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What are the three types of driver distraction?

If you are like most American motorists, you probably spend the better part of your day trying to decide how to cram 48 hours of work, chores and family time into a 24-hour period. To maximize time, many people try to multitask behind the wheel, but doing so often has devastating consequences.

The Centers for Disease Control and Prevention report that more than eight Americans lose their lives in distracted-driving related accidents every day, so learning how to reduce the number of these accidents is a matter of supreme importance, as well as one of public safety.

In general, distractions behind the wheel tend to fall into one or more of three main categories: cognitive distractions, manual distractions and physical distractions. Here is a closer look at each category.

Cognitive distractions

Cognitive distractions are those that take your mind away from the immediate task at hand, which is typically getting from one place to another safely and efficiently. For example, listening to a book while you drive has the potential to take your cognitive attention away from the roadway, as does an intense phone conversation - either on the phone or with the person seated next to you.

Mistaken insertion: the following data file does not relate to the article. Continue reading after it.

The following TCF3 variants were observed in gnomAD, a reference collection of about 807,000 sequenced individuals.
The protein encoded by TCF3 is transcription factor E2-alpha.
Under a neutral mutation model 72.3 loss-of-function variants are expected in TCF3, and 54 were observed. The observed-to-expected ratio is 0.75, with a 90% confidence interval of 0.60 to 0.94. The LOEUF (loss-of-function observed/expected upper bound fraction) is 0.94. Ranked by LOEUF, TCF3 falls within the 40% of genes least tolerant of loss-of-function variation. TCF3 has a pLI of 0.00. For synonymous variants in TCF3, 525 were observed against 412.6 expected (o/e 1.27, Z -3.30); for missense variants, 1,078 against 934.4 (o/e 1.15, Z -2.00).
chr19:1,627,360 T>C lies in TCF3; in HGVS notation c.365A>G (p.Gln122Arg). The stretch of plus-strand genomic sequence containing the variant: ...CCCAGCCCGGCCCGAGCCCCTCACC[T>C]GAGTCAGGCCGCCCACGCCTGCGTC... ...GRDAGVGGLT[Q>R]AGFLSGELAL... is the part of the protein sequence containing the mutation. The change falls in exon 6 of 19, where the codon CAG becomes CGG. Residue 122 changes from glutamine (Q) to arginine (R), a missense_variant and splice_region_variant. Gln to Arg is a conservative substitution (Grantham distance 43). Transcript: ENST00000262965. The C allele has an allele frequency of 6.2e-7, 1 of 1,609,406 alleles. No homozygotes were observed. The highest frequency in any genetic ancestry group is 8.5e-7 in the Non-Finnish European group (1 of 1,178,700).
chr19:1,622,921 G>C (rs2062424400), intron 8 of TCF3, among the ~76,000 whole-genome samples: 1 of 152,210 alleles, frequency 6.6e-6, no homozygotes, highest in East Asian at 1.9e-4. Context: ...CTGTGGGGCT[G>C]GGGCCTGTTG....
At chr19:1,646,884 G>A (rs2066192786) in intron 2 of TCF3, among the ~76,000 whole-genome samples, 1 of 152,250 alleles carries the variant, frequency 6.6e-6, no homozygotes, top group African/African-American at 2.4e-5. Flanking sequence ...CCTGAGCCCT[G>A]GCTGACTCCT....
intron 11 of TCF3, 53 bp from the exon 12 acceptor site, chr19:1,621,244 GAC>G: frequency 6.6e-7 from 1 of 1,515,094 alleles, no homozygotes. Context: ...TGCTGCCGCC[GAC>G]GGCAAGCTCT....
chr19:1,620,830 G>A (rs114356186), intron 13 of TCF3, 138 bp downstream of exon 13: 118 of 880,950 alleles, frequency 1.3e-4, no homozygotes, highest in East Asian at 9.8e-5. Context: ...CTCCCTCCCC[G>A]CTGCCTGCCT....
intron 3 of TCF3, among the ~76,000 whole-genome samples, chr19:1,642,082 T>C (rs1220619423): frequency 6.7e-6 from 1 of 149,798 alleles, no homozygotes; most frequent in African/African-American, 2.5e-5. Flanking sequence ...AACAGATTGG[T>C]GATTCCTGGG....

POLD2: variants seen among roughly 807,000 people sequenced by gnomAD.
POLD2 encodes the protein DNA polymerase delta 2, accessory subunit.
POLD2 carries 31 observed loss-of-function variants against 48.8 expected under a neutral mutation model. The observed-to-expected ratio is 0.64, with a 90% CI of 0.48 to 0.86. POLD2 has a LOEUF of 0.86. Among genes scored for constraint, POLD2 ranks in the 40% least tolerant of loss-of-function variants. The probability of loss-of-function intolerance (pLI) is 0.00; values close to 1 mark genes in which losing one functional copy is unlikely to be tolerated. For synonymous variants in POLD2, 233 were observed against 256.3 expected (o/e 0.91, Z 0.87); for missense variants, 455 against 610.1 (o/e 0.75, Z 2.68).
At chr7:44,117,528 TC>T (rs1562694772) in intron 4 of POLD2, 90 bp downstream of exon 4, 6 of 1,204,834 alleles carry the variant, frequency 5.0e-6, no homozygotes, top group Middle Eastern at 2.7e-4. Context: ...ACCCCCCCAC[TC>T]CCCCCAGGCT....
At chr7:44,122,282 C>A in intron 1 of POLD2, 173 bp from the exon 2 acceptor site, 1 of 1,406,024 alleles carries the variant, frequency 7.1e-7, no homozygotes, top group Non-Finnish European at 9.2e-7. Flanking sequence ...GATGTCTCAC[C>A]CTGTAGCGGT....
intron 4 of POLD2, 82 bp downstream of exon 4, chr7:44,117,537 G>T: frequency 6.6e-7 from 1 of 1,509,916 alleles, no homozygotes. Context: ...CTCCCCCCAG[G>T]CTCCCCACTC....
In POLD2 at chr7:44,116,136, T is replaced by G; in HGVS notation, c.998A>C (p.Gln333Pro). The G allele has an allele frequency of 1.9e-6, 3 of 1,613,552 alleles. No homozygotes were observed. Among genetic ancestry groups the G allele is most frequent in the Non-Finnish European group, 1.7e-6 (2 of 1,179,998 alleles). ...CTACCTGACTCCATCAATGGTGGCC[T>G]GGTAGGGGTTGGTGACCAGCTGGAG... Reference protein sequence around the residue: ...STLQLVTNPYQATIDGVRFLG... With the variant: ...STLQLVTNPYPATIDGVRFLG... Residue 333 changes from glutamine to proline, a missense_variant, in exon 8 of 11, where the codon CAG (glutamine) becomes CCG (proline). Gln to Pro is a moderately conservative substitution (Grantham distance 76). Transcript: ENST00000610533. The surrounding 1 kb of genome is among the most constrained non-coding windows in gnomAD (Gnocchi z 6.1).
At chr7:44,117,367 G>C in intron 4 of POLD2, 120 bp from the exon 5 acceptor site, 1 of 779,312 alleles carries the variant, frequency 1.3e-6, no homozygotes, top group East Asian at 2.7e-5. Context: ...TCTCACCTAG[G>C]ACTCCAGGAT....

Manual distractions

A manual distraction is one that takes your hands away from the controls of your car, even if only for a moment. For example, rummaging around in your purse for a phone or mint is one example of a manual distraction, as is turning around to hand food or a bottle to a young child in the backseat. Using your hands to program an in-vehicle navigation device is another common example of a manual distraction, as is applying makeup or brushing your hair while in the driver's seat.

Visual distractions

A visual distraction is one that diverts your eyes away from the road ahead. For example, an eye-catching billboard on the side of the road might serve as a visual distraction. Looking down at your lap to read a text message or "rubbernecking" as you pass an accident scene are additional examples.

Some common types of distractions, such as texting, are particularly dangerous because they involve all three types of driver distraction, therefore increasing your risk of an accident exponentially. While learning to recognize and avoid engaging in distracted driving behaviors will probably reduce your chances of getting into an accident, there is only so much you can do when others refuse to follow traffic laws . If you find yourself or a loved one injured because of an accident with a distracted driver, you may want to consult an attorney.

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